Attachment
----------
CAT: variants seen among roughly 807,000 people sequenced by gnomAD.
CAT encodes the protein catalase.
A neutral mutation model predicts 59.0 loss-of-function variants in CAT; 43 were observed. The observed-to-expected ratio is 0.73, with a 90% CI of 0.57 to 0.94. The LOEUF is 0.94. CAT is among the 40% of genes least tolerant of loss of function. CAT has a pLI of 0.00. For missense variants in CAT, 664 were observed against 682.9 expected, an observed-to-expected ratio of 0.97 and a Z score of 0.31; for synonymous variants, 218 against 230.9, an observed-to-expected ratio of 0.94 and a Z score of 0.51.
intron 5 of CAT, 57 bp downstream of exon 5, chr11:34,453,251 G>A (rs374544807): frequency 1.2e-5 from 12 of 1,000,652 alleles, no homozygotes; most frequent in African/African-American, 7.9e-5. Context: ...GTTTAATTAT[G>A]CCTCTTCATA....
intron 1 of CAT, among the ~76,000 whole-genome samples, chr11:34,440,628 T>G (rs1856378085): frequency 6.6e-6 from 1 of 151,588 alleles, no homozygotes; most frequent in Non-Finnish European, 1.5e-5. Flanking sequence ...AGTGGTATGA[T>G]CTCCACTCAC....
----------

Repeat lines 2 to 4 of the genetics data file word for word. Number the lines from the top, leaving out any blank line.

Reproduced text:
CAT encodes the protein catalase.
A neutral mutation model predicts 59.0 loss-of-function variants in CAT; 43 were observed. The observed-to-expected ratio is 0.73, with a 90% CI of 0.57 to 0.94. The LOEUF is 0.94. CAT is among the 40% of genes least tolerant of loss of function. CAT has a pLI of 0.00. For missense variants in CAT, 664 were observed against 682.9 expected, an observed-to-expected ratio of 0.97 and a Z score of 0.31; for synonymous variants, 218 against 230.9, an observed-to-expected ratio of 0.94 and a Z score of 0.51.
intron 5 of CAT, 57 bp downstream of exon 5, chr11:34,453,251 G>A (rs374544807): frequency 1.2e-5 from 12 of 1,000,652 alleles, no homozygotes; most frequent in African/African-American, 7.9e-5. Context: ...GTTTAATTAT[G>A]CCTCTTCATA....